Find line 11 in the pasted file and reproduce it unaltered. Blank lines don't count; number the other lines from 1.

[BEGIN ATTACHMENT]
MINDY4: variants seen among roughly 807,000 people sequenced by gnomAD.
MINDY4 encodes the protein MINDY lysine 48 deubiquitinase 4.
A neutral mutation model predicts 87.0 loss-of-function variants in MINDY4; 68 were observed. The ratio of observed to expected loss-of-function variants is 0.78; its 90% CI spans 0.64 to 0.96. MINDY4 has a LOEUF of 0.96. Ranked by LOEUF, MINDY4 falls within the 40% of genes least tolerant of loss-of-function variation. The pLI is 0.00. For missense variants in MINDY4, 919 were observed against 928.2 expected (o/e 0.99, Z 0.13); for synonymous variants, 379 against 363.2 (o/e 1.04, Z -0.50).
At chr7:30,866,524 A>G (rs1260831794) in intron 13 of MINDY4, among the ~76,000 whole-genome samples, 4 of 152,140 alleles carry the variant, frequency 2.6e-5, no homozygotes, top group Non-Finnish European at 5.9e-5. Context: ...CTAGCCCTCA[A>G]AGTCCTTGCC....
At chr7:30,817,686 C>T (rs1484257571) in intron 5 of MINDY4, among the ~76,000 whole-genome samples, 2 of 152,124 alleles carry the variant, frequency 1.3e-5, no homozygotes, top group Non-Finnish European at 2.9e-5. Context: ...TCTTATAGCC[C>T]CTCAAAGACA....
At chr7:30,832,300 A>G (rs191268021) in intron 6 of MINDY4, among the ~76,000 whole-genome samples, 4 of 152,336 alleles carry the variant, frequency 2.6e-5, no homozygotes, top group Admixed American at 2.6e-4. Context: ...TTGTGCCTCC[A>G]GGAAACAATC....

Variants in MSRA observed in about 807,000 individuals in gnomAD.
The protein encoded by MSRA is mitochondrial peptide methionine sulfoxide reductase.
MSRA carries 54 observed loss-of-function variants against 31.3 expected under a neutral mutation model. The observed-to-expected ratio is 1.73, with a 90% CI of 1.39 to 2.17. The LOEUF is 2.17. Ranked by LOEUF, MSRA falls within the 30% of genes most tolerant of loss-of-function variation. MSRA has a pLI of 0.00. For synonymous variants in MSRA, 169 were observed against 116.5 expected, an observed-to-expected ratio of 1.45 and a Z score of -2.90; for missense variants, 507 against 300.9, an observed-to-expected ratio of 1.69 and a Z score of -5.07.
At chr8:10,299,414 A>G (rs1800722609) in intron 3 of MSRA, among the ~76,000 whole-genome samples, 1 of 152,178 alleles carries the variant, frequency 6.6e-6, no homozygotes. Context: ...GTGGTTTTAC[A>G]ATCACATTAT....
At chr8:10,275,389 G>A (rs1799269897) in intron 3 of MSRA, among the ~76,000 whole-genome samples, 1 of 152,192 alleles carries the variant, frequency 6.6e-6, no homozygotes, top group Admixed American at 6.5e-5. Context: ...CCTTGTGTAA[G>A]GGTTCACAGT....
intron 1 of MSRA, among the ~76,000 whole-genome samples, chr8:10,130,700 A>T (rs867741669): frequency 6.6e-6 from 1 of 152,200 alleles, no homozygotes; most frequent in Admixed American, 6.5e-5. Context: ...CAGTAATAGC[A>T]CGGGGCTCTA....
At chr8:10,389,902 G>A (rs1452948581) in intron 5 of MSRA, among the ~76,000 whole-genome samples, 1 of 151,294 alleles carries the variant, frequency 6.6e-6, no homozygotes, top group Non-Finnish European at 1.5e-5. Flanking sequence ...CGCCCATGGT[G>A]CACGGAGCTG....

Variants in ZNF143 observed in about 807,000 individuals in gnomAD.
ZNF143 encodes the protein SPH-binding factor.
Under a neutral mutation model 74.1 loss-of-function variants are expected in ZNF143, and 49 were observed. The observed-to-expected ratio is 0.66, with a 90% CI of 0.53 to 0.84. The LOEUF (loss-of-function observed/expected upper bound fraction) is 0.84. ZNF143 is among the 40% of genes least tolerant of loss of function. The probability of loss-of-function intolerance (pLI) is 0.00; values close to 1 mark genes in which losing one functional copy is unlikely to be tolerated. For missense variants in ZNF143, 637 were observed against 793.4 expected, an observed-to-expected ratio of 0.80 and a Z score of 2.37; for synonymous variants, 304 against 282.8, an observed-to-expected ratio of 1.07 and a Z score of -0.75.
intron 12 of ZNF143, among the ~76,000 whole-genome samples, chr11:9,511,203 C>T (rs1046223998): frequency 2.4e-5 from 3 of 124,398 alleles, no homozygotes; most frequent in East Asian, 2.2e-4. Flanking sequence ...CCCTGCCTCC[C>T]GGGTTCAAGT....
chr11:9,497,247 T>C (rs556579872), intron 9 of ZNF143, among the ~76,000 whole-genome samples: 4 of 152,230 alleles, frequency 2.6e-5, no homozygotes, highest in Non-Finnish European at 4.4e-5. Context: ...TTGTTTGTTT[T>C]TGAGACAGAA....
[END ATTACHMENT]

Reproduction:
At chr8:10,275,389 G>A (rs1799269897) in intron 3 of MSRA, among the ~76,000 whole-genome samples, 1 of 152,192 alleles carries the variant, frequency 6.6e-6, no homozygotes, top group Admixed American at 6.5e-5. Context: ...CCTTGTGTAA[G>A]GGTTCACAGT....